Learn about our corroborative research efforts to expand and enhance our understanding of dolphins and their habitats.
Electroencephalogram measurements for brain activity in resting dolphins
Dolphins have evolved a unique method of mental rest, namely unihemispheric “sleep.” Past studies have shown that dolphins have the capability to rest one hemisphere of the brain while the other half remains awake and active. Dolphin Academy has reproduced this testing in order to provide a baseline data set for its particular dolphin population in order to embark on a multi-year study of: rest/wake dolphin cycles from birth to maturity, sensory responsiveness of resting dolphins, time-place association in dolphins, dolphin hormone sampling, and measurement using saliva and blow-hole chuffs.
Multi-year sleep research
Beginning in January 2013, DA/UG initiated the “sleep-like resting behavior” research project, which consists of non-invasive around the clock observations of the dolphins. Every year, at the end of the rainy season (end of February, beginning of March), researchers observe the dolphins during multiple time-periods, eventually leading to a full 24/7 image of their daily patterns. The research shows interesting findings of the way the dolphins spend their days and nights. We now know how much time each dolphin prefers to sleep, the location they prefer, and with which individuals dolphins prefer to associate.
The project is on-going, collecting more data every year and forming a life-long dataset of the (changing and evolving) daily rhythms of this dolphin community. This data set includes: how infant dolphins allocate their time immediately after giving birth, how they spend their days and nights while transitioning into semi-independent calves, their activity range as they grow to adolescence, and the contributing factors that shape their daily rhythm when they become adults.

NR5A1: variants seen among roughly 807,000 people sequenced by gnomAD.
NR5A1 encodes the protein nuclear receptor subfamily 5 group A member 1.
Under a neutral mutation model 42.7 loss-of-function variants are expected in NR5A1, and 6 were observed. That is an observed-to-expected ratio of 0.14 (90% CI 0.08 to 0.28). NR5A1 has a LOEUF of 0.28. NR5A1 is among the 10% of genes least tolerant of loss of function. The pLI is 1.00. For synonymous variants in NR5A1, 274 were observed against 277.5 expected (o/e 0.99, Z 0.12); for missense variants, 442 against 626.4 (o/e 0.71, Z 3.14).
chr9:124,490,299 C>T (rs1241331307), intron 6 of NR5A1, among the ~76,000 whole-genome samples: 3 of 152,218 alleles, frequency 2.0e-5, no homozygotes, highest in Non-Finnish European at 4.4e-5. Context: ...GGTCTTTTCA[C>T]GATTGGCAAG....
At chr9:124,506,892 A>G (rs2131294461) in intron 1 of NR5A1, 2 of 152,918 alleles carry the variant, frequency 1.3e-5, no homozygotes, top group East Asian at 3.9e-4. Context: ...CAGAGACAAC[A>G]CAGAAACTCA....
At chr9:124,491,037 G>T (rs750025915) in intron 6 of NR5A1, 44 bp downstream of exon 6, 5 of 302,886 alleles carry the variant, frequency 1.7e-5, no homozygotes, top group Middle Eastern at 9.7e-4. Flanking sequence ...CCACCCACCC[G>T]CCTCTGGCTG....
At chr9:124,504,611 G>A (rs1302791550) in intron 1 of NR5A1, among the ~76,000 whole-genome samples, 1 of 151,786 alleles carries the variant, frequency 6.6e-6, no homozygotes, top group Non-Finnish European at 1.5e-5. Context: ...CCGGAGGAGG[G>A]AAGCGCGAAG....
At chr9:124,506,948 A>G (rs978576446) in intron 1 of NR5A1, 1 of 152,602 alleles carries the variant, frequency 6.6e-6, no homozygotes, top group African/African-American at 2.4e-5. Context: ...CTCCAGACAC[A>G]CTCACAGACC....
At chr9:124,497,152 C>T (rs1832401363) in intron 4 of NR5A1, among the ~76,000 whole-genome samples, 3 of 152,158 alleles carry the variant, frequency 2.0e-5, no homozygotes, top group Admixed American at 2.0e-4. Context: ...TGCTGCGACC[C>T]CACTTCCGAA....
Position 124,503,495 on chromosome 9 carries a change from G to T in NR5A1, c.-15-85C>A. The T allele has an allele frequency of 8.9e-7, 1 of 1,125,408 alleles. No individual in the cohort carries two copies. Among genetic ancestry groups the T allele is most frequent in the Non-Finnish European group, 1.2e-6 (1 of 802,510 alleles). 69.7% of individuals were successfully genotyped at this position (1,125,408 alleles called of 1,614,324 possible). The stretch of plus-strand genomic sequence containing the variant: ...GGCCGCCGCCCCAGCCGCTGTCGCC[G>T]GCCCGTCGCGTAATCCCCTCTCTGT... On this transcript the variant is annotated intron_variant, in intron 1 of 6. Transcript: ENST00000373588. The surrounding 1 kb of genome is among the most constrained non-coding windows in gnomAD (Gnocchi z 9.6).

Over time, researchers can combine the data of different age-groups through the years and watch for trends in rhythmic variation, the differences between males and females, and how being a full-time mother influences a dolphin’s rest/wake patterns.
A principle focus of the long-term sleep study is the development of rest/wake behavior in the pre and post-partum periods for mother dolphins and their new-born calves. Due to the fact that dolphins are one of the only mammalian species on earth that remain in constant movement after birth, calves tend to sleep very little in the first days and even weeks after birth, (it is questionable if they “sleep” at all). With nearly all mammals, babies tend to sleep most of the day. With dolphins, however, it is quite the opposite, the amount of sleep they get increases with age. This is contrary to humans, for example, who sleep less and less as age increases. With every new birth, we increase our knowledge of this subject.
Sensory responsiveness of resting dolphins
One important criterion that has never been investigated in resting Bottlenose dolphins is whether they have an increased arousal threshold. This is also known as a decreased sensory responsiveness, which basically means that the deeper you sleep, the harder it is to wake you up. Usually, humans go through different sleep stages/depths. In the more shallow stages, a person will be woken by any little noise, whereas in deeper stages the same person will be almost impossible to awaken.
However, as dolphins always have a part of their brain awake and active, does this mean that they do not have an increased arousal threshold? Do they respond the same way when resting, as when they are fully awake? While this would be an obvious advantage when sleeping in a possibly unsafe and ever-changing environment, it would seem that a certain amount and depth of sleep is necessary to function properly. DA/UG is currently in the last stages of testing the arousal threshold using different frequencies and volumes of sounds, broadcast through an underwater speaker while dolphins exhibit resting behavior.
Time-place association/reward anticipatory behavior
Having a circadian rhythm implies that certain behaviors only occur at certain moments of the day. To establish the presence of a circadian clock, which is the base of any circadian rhythm, we have and are testing the dolphins’ anticipatory behavior using a food-based reward at certain locations at certain times. If there is a working circadian clock present in Bottlenose dolphins, they should be able to anticipate these predictable events and thus show anticipatory activity before the scheduled feedings. In order to test this, we have set up a time-place association test. Preliminary results indicate a difference between males and females, and more specifically, females with calves. However, it has only been tested on a few dolphins with varying results, so more tests are needed.